China’s economy probably steadied in the second quarter with annual growth holding firm at 7.4 percent, a Reuters poll showed, suggesting that a recovery is taking hold as a flurry of government stimulus measures kick in.
All but three of the 21 analysts polled by Reuters predicted that growth either stabilised or edged up between April and June, reinforcing the view that authorities have successfully arrested a cooldown with a modest loosening in policies.
Indeed, even though economists expect the headline growth rate to cling to an 18-month low of 7.4 percent, they also believe that China’s export and manufacturing sectors likely enjoyed their best performances in several months in June.
“We expect China’s upcoming June and second-quarter data to show an economy that is still recovering,” UBS analysts said in a note to clients.
“With more easing measures underway and an ongoing export recovery, sequential growth momentum should warm up further in the third quarter.”
China’s economic growth quickened in the second quarter from the previous three months, but further modest government support measures will still be needed, Premier Li Keqiang said on Monday, without giving a GDP figure.
When June data is released in coming days, investors may get clues on just how much more may be needed on the stimulus front to maintain the recently regained momentum.
Exports are forecast to rise 10.6 percent in June from a year ago, faster than May’s 7 percent expansion and the best showing in five months. Imports likely snapped back into positive territory, growing 5.8 percent, after May’s 1.6 percent drop.
Growth in China’s trade sector has gained traction in recent months, helped by an improving U.S. economy and as the government gave exporters more tax breaks, credit insurance, and currency hedging options.
Manufacturing output, which accounted for 45 percent of China’s gross domestic product in 2012, is forecast to have grown 9 percent in June, up a shade from May’s 8.8 percent.
Faced with the need to cut China’s dependence on exports and investment for growth, Beijing tried earlier this year to convince investors it is willing to slightly miss its annual growth target in exchange for better-quality growth.
But authorities seem to have since changed their minds after weak data early in the year.
Premier Li said last month that he expects the 2014 GDP growth target of 7.5 percent to be met or exceeded and vowed the economy would not suffer a hard landing.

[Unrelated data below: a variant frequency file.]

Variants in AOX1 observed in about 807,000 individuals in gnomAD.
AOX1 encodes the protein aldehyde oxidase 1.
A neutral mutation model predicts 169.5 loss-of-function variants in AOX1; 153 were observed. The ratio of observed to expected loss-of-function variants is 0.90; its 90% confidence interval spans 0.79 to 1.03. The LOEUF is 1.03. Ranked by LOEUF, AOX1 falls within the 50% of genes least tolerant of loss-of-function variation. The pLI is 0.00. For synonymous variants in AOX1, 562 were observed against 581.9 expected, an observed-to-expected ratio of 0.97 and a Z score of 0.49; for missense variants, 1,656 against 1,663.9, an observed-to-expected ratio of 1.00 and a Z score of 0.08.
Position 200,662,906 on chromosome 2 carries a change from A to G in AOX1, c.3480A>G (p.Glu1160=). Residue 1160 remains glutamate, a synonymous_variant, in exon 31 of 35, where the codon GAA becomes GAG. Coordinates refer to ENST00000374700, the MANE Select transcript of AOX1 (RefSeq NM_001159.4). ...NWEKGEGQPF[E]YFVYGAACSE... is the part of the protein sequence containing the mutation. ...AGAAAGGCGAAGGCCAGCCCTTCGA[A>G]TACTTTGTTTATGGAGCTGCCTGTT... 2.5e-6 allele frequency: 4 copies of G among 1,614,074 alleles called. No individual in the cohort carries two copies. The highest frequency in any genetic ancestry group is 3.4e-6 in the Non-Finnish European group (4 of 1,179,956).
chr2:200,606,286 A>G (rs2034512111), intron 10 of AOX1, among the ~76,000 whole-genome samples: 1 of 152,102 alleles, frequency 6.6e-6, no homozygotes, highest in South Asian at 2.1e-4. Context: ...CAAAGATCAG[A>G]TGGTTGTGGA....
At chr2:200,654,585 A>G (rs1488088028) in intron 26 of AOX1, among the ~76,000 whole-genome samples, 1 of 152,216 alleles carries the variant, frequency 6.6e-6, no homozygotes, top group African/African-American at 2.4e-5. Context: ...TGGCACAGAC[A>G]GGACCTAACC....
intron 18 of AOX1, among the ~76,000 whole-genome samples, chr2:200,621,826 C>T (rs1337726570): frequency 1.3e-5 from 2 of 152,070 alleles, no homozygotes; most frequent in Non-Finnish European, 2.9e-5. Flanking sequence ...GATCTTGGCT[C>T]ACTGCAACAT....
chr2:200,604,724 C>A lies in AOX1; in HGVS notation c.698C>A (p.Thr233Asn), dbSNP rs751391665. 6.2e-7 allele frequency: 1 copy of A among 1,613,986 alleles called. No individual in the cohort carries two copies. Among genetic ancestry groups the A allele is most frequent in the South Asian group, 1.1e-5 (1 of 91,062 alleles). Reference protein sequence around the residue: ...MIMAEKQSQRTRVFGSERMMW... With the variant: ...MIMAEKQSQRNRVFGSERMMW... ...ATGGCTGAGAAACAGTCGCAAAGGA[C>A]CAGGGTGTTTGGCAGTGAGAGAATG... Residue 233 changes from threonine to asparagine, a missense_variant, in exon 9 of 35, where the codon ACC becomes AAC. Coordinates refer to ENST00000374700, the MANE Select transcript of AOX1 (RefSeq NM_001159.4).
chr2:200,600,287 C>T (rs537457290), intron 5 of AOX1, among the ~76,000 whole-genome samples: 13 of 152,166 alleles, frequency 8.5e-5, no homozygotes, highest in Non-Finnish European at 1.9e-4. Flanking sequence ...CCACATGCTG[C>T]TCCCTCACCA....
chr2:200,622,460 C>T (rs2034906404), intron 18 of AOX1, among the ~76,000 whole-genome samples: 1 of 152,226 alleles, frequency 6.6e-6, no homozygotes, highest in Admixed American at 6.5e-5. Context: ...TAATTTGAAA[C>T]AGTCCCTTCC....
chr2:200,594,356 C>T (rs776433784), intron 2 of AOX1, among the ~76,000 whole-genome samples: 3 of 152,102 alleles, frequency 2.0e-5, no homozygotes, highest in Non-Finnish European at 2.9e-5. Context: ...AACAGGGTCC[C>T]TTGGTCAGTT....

The comments reinforced market expectations that Beijing would roll out more stimulus measures if needed.
Recent business surveys signal factory activity may be starting to stabilise after an unsteady start to 2014, while the services sector continues to expand strongly.
Still, some economists warn the economic recovery appears patchy, with a cooling property market and high local government debt levels remaining as key risks. Faltering euro zone growth could also keep expected export gains in check.
Since April, China has steadily loosened policy by reducing the amount of cash that some banks have to hold as reserves, instructing regional governments to quicken their spending, and hastening the construction of railways and public housing.
And analysts say Beijing is likely to unveil more stimulus measures in coming months if the property sector shows signs of
a sharper slowdown which could spillover into the broader economy. New home construction starts are already down by nearly a fifth.
The real estate sector accounts for more than 15 percent of China’s economic output and directly impacts 40 other business sectors.
“For the economy to rebound fully, we believe policy continuity, along with further easing, are necessary,” Shen Jianguang, an economist at Mizuho, said in a note.
Growth in fixed-asset investment, which is closely tied to the property market, is forecast to have hovered at 17.2 percent in the first six months of 2014. That is unchanged from the rate of growth seen in the first five months of the year as slackening real estate investment drags on overall spending.
In the meantime, analysts believe Beijing will keep monetary conditions accommodative.
The broad M2 money supply measure probably expanded 13.5 percent in June from a year ago, up a touch from May’s 13.4 percent. Banks are forecast to have lent 915 billion yuan ($147.57 billion) in June, up from May’s 870.8 billion yuan.
Price pressures also likely stayed within the government’s comfort zone, giving policymakers room for further easing if required.
Annual consumer inflation is expected to ease to 2.4 percent in June, well below the central bank’s 3.5 percent target for 2014, while the producer price index is likely to have dropped 1 percent. (Reuters)